To understand why parents balk at routine vaccinations for their kids, London-based drug giant GlaxoSmithKline undertook a project to mine parent websites with text analytics software from an MIT spinoff. As reported by the Wall Street Journal, the project has led the drugmaker to reconsider how it helps physicians communicate with parents about inoculating their children.
Glaxo ($GSK) and other vaccinemakers face a major hurdle in overcoming deeply ingrained beliefs about the potential harms of vaccinations. The Internet is full of theories about the dangers of vaccines, including the persistent belief that the shots increase the risk of or cause autism, despite scientific studies that have shown otherwise. Failure to vaccinate kids has been linked to spikes in diseases such as measles.
As the WSJ reported, GSK tapped Luminoso to drill into online conversations from BabyCenter.com and WhattoExpect.com with text-mining software to get to the truth about why parents delay vaccines for such diseases as measles and mumps. The startup's text analytics picked up on patterns regarding the safety, timing and comfort of the shots from thousands of posts.
"When you go into the public forums, that's where this conversation is taking place," Dominic Hein, a member of GSK's vaccine group, told the business newspaper. "And by listening to what our customers say to each other we can better understand their needs."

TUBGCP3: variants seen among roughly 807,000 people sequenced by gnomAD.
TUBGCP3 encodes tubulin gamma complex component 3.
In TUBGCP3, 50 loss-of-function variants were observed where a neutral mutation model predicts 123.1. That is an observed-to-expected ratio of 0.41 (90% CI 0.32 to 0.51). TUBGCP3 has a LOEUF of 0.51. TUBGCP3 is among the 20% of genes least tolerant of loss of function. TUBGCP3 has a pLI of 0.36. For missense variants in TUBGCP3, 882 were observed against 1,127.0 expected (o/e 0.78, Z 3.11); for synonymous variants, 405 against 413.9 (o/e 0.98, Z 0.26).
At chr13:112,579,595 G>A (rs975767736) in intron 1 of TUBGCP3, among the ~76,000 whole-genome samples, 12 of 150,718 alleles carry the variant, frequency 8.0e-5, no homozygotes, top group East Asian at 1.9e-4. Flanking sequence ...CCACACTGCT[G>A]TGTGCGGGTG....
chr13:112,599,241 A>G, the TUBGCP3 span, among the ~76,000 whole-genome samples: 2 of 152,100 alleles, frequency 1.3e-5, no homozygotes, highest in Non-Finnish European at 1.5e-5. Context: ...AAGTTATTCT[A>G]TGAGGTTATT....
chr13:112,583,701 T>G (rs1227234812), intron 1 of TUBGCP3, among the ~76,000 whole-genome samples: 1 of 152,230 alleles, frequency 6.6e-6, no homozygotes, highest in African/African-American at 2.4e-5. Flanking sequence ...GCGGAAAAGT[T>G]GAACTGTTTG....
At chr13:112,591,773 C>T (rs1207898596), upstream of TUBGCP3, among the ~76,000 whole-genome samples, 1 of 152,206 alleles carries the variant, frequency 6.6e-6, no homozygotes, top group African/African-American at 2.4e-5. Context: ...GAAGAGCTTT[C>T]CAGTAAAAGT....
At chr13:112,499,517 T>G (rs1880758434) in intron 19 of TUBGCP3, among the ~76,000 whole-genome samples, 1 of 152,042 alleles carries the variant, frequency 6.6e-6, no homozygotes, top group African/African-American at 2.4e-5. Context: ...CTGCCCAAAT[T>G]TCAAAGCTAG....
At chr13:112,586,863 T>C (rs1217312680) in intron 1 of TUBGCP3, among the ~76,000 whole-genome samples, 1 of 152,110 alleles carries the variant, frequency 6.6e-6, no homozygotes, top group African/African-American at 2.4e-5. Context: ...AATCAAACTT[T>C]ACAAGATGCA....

Glaxo gathered the information about parents' concerns without the people knowing about the project. While GSK is allowed to analyze data from the public Internet, a "mommy blogger" told the WSJ she viewed the project as a bit "intrusive." Nevertheless, Luminoso, an MIT Media Lab spinoff, and other analytics providers have found more business from pharma. IMS Health scooped up one such software outfit, Semantelli, to capitalize on the demand.
Like it or not, pharma companies are listening closely to social media sites for information about patients and physicians as they strive to understand their target customers. In GSK's case, the insights from the vaccine project are motivating the company to provide doctors with better vaccine information to give to concerned parents.
- check out the WSJ article